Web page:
Citing testimony, documents and media reports of human rights abuses against Uighurs, Conservative lawmaker Michael Chong said: “We can no longer ignore this. We must call it for what it is — a genocide.”

Chinese foreign ministry spokesman Wang Wenbin said on Tuesday the motion “disregards facts and common sense,” adding that Beijing had “lodged stern representations” with Canada.

Cong Peiwu, the Chinese ambassador to Ottawa, denied accusations of genocide.

“Western countries are in no position to say what the human rights situation in China looks like,” Cong said in an interview before the vote. “There is no so-called genocide in Xinjiang at all.”

Trudeau Caution

Trudeau has been reluctant to use the word genocide, suggesting that seeking broad consensus among Western allies on Chinese human rights issues would be the best approach.

“Moving forward multilaterally will be the best way to demonstrate the solidarity of Western democracies ... that are extremely concerned and dismayed by reports of what’s going on in Xinjiang,” Trudeau said on Friday after speaking to fellow G7 leaders.

Trudeau and US President Joe Biden will hold a virtual bilateral meeting on Tuesday afternoon, and relations with China are likely to be discussed, a government source said.

Former US President Donald Trump — on his last full day in office last month — said China had committed “genocide and crimes against humanity” by repressing Uighur Muslims.

The Biden administration is trying to ensure that the genocide declaration is upheld, according to his pick to be ambassador to the United Nations, Linda Thomas-Greenfield.


US seeks to ‘lengthen,’ ‘strengthen’ nuclear deal with Iran: Blinken

22 February ,2021

The United States will seek to strengthen and extend the agreement between world powers and Iran aimed at curbing its nuclear program, Secretary of State Antony Blinken said on Monday.

The UN nuclear watchdog said on Sunday it had struck a deal with Iran to cushion the blow of steps Tehran plans to take this week that include ending snap inspections, with both sides agreeing to keep “necessary” monitoring for up to three months.

The announcement by International Atomic Energy Agency (IAEA) chief Rafael Grossi, made at Vienna airport after a weekend trip to Iran, confirmed that Tehran would go ahead with its plan to slash cooperation with the agency on Tuesday.

Blinken, addressing the UN-sponsored Conference on Disarmament in Geneva, said in a pre-recorded speech: “The United States remains committed to ensuring that Iran never acquires a nuclear weapon. Diplomacy is the best path to achieve that goal.”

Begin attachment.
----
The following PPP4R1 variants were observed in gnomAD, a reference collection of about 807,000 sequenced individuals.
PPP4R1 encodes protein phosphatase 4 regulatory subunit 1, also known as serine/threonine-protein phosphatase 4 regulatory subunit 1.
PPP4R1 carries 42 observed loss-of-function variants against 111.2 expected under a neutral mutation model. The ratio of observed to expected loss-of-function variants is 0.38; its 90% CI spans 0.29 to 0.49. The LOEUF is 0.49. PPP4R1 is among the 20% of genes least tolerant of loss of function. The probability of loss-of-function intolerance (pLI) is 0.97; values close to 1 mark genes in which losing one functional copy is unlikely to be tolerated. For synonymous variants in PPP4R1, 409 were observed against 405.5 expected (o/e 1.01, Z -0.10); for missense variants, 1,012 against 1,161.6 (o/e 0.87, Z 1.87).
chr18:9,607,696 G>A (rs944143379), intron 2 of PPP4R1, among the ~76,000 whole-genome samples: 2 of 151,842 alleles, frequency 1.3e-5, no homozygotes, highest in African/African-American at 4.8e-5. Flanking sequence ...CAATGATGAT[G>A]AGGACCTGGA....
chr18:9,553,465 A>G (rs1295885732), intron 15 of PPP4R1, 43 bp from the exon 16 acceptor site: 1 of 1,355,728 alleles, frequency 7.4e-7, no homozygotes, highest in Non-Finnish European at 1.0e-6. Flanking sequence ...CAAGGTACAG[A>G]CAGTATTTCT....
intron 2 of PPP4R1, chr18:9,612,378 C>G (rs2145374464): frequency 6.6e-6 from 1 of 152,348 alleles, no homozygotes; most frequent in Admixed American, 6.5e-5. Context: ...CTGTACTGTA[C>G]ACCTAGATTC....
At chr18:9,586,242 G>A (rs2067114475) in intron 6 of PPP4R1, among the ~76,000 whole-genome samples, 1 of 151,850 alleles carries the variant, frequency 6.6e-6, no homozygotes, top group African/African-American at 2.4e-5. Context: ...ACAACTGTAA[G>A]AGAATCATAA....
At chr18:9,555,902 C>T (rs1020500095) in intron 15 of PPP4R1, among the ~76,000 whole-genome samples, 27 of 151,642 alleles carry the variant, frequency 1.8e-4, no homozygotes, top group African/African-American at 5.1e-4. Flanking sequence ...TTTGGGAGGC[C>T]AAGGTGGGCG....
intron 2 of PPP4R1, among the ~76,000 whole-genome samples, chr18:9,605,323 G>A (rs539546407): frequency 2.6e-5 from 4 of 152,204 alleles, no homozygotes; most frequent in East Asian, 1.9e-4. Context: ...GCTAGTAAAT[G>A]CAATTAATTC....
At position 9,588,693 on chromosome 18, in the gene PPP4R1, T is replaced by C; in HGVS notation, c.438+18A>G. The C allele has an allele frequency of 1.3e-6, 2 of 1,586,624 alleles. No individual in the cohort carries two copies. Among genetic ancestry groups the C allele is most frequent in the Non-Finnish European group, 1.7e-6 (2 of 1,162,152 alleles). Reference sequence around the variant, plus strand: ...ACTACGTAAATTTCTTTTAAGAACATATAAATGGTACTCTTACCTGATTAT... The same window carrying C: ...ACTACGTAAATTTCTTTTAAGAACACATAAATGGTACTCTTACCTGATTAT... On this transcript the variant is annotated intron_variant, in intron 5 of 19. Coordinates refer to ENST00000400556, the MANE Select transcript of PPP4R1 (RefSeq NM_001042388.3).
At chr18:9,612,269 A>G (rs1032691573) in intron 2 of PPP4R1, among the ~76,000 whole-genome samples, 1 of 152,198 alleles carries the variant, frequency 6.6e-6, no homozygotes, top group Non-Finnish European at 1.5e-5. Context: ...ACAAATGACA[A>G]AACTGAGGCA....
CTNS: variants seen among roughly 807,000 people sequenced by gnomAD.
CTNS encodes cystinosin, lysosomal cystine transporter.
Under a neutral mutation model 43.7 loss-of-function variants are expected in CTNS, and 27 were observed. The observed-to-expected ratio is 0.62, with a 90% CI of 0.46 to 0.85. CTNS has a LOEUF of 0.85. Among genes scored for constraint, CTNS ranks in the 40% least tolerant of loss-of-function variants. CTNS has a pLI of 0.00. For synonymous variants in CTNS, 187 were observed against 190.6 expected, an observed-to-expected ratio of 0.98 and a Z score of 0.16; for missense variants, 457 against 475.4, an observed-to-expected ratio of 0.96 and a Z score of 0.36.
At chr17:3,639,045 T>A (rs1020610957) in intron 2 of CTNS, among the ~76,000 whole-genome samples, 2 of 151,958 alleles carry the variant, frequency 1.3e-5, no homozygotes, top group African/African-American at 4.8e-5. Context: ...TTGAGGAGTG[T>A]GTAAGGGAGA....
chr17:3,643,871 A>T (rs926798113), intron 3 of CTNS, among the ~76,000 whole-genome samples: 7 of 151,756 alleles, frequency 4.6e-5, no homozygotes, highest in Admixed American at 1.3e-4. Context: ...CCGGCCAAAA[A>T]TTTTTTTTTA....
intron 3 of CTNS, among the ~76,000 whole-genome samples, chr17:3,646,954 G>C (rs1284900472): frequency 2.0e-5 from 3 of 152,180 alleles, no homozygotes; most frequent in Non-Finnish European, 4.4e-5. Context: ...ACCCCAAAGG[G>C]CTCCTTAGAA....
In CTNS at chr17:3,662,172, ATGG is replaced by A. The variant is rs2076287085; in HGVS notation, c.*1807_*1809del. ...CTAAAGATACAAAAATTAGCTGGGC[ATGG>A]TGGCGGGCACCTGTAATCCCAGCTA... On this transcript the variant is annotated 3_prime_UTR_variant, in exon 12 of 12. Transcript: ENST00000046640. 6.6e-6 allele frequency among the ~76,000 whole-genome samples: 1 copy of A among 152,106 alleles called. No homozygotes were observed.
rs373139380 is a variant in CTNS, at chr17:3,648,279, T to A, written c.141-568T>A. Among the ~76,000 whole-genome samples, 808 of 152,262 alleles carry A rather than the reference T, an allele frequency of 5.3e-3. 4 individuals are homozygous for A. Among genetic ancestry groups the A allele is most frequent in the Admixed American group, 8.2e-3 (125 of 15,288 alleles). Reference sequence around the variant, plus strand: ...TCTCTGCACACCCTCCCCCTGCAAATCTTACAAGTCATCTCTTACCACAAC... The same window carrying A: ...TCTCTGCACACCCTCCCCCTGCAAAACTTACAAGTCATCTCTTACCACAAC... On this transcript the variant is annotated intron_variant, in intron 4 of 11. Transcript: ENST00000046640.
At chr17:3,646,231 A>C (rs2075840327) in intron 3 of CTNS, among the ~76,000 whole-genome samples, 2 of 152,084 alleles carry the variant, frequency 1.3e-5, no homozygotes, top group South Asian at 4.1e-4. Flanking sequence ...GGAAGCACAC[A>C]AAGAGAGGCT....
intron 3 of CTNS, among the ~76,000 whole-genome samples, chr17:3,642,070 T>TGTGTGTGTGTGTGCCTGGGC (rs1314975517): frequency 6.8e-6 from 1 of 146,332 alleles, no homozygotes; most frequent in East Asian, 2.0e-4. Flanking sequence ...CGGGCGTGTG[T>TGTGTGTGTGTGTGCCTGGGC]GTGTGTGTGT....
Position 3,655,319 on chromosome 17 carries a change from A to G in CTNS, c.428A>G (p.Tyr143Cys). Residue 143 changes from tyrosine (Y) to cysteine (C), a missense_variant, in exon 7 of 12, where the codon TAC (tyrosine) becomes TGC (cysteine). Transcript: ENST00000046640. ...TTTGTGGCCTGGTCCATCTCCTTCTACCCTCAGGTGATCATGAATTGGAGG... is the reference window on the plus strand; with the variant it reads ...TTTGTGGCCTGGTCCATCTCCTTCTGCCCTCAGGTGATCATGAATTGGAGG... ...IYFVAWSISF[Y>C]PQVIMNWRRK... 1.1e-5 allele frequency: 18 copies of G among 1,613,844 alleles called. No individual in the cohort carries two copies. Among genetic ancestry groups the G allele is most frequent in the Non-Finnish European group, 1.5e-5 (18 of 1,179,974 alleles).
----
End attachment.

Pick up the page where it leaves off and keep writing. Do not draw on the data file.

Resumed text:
President Joe Biden has said that if Iran comes back into “strict compliance” with the 2015 pact, his administration will do the same, Blinken said.

“Working with allies and partners, we will also seek to lengthen and strengthen the JCPOA (Joint Comprehensive Plan of Action) and address other areas of concern, including Iran’s destabilizing regional behavior and ballistic missile development and proliferation,” Blinken said.

“Iran must comply with its safeguards agreements with the IAEA and its international obligations,” he added.


US special envoy for Yemen heading back to region for second time in a month

22 February ,2021

The US envoy seeking to end Yemen’s brutal war headed back to the region Monday as Iran-backed Houthis press ahead with an offensive to take the government’s last northern stronghold.

Tim Lenderking, named by President Joe Biden in his first days in office in a sign of renewed US effort to address the humanitarian catastrophe, will visit several Gulf nations on a trip that will last through March 3, the State Department said.

His discussions “will focus on the United States’ dual-track approach to end the conflict in Yemen: a lasting political solution and humanitarian relief for the Yemeni people,” a statement from the State Department said, without specifying his exact stops.

Lenderking was in the region less than two weeks ago when he held talks in Saudi Arabia, a US ally to which Biden has pledged to cut off support for offensive operations in Yemen amid outrage over civilian casualties.

On his return to Washington, Lenderking said the administration was working “to energize international diplomatic efforts with our Gulf partners, the United Nations and others to create the right conditions for a ceasefire and to push the parties toward a negotiated settlement to end the war in Yemen.”

The diplomacy comes as the Houthis shrug off international calls for restraint and seek to capture Marib, the government’s last major bastion in the north which lies next to some of Yemen’s richest oil fields.

The Biden administration in one of its first moves ended a last-minute designation by former president Donald Trump’s team of the Iranian-linked Houthis as a terrorist organization.

The move came after humanitarian groups warned that the designation would severely hinder operations in a country where 80 percent of people survive thanks to aid.


Saudi govt. complicit in shooting spree at US naval base: Victims' families

23 February 2021

The families of the victims of a 2019 mass shooting by a Saudi air force officer at a naval base in the US state of Florida have sued Riyadh for complicity in an "act of international terrorism."

The families of the three US service members killed and 13 others who were severely injured at the Naval Air Station Pensacola filed the lawsuit in federal court in Pensacola City on Monday, saying the Saudi government knew of the assailant's plans and association with the al-Qaeda terrorist group.

The attack took place at training facilities for foreign militaries at the naval base on December 6, 2019.

The shooter, who was identified as Royal Saudi Air Force flight student Mohammed Alshamrani, was killed by local law enforcement during the incident.